How Fostering Enhances Your Family
When you decide to become a foster parent, you do so with several things in mind - one being how offering a safe place to call home will positively impact on a looked after child.
It is a decision made after many weeks and months - sometimes years! - of discussion and debate because there are big questions to answer. For example, if you have children of your own, no matter how old they are, you may be worried how fostering will affect them. How will they cope? Will they welcome a foster child?
And then there is the effect on you, as a person and as a parent. Will you cope? Do you have all the right skills? What if it goes wrong?
Foster carers welcome a child into their lives with their eyes wide open. They know there will be parts of the journey that are emotional, traumatic and challenging. But maybe what they didn’t expect were the fantastic positive changes that came with fostering.
You may also find it helpful to make small adjustments to the temperature in your room. Most people tend to sleep better if their room is a little cooler. You can always add an extra blanket to your bed if you’re feeling a bit chilled.
The Best Version Of You
Opportunities and challenges are all around us. Just because something is hard doesn’t mean it is not working or not meant to be. What it does mean is that we have to adapt to meet what lays ahead.
Those people who choose to foster are already one of life’s ‘good people’. But to rise the challenges and the rewards of fostering, you need to bring empathy and patience to the fore.
When you foster a child, your deepen a lot of skills, abilities and knowledge. You will develop an understanding matched by empathy. You will truly understand what it means to accept someone and all their emotional baggage.
A Positive Impact On Your Own Children
It is a common concern and certainly one that requires discussion - the potential negative effect on a foster carers own children of a possibly disruptive child joining the family. Dynamics will change and shift, not that this is necessarily a bad thing.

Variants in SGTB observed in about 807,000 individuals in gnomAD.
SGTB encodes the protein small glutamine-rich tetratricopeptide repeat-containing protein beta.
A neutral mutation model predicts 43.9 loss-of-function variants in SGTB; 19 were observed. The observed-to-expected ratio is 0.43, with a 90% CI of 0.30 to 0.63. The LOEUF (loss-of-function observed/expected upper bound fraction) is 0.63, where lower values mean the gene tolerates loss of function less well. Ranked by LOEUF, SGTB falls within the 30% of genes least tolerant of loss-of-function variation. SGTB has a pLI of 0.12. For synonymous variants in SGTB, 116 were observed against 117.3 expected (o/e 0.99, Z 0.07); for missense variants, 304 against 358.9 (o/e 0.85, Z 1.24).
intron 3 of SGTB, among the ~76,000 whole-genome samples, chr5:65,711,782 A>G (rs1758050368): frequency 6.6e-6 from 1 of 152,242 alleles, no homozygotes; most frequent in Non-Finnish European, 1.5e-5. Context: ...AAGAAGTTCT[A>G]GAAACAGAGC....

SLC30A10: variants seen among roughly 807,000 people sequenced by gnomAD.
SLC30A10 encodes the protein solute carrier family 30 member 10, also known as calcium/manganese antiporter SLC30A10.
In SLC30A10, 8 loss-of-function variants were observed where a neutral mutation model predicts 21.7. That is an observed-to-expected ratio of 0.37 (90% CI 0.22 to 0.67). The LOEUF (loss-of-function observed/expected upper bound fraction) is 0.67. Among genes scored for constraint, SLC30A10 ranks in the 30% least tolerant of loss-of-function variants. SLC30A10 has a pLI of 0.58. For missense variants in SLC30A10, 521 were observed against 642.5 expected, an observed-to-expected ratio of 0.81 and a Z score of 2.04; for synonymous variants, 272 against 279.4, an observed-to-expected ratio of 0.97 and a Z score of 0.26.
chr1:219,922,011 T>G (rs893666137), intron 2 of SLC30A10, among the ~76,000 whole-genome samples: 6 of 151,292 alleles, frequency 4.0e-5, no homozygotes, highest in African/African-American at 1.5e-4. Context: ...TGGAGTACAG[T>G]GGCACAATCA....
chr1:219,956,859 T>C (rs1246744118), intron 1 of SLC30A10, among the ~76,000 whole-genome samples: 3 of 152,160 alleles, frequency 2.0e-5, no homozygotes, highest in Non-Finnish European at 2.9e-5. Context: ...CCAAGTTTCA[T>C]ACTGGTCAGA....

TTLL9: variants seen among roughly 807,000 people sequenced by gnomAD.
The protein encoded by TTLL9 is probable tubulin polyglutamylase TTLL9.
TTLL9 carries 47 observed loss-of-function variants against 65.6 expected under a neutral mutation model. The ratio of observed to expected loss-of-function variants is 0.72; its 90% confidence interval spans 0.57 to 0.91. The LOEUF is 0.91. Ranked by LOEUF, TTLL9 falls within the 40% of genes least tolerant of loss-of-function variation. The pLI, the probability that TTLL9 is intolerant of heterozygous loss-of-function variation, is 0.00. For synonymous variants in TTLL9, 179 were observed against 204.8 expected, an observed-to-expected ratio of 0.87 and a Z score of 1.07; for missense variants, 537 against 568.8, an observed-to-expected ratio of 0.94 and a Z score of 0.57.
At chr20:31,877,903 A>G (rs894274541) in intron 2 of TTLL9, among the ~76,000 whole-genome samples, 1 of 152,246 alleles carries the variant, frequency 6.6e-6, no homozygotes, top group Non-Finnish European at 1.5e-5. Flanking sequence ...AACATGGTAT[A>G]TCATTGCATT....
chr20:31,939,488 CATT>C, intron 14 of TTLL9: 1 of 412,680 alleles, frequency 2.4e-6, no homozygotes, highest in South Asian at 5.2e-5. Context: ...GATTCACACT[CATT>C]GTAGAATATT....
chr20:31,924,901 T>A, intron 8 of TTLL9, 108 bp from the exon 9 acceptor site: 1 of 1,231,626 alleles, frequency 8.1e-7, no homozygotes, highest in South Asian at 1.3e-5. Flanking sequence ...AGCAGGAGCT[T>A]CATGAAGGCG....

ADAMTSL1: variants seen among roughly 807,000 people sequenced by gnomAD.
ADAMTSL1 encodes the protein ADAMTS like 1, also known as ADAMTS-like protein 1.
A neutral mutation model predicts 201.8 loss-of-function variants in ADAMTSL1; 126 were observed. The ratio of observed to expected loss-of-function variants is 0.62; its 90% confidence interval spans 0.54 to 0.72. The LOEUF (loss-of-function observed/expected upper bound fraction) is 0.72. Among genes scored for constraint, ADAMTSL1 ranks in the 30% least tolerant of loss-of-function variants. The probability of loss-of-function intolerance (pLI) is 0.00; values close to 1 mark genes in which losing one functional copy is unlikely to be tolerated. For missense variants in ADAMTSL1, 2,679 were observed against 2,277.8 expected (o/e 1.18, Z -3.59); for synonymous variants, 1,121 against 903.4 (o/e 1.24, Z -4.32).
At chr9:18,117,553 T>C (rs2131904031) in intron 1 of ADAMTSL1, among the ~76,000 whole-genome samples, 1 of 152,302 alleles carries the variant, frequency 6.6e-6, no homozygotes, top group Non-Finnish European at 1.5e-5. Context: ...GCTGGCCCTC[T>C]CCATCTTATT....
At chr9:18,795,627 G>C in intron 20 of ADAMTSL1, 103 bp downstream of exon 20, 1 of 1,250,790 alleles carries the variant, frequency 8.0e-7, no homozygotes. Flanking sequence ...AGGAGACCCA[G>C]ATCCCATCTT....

If you need convincing of the fostering benefits on your own children, you need to hear what children of foster carers have said about what it’s like to be a foster family. Your social worker or fostering agency will tell you more.
There is increasing bodies of evidence that show the children of foster carers are not only resilient, but increasingly empathetic and kind towards their peers and the looked after child. But key to a successful foster family is appropriate communication - in other words, discussing the needs of your own children, listening to their concerns and acting on them but shielding them from the bad stuff. Your own children don’t need to share the trauma of the foster child.
And let’s be honest, a foster child could also be the welcome extra playmate, as well as another sibling and a lifelong friend for your own child or children.
An Enriching Community
No one fosters alone. There is a whole heap of support from other, experienced foster carers to social worker, agency helplines, as well as more formalised and specialised support. And don’t forget the community - from religious centres to community groups and the education community too, there is a swathe of support for foster carers, the looked after child and the family as a whole.
The fostering community is waiting and willing to help any foster family, no matter how small or big the crisis or issue may be.
Fostering benefits are many and varied. You become an even better person, warm in the knowledge that you have made a difference to a child and their birth family for the right reasons. Your own children benefit and your community benefits too.
Foster benefits are real and tangible for the foster child, for you and your own family. Why not have a chat with Foster Care Associates Scotland to find out more?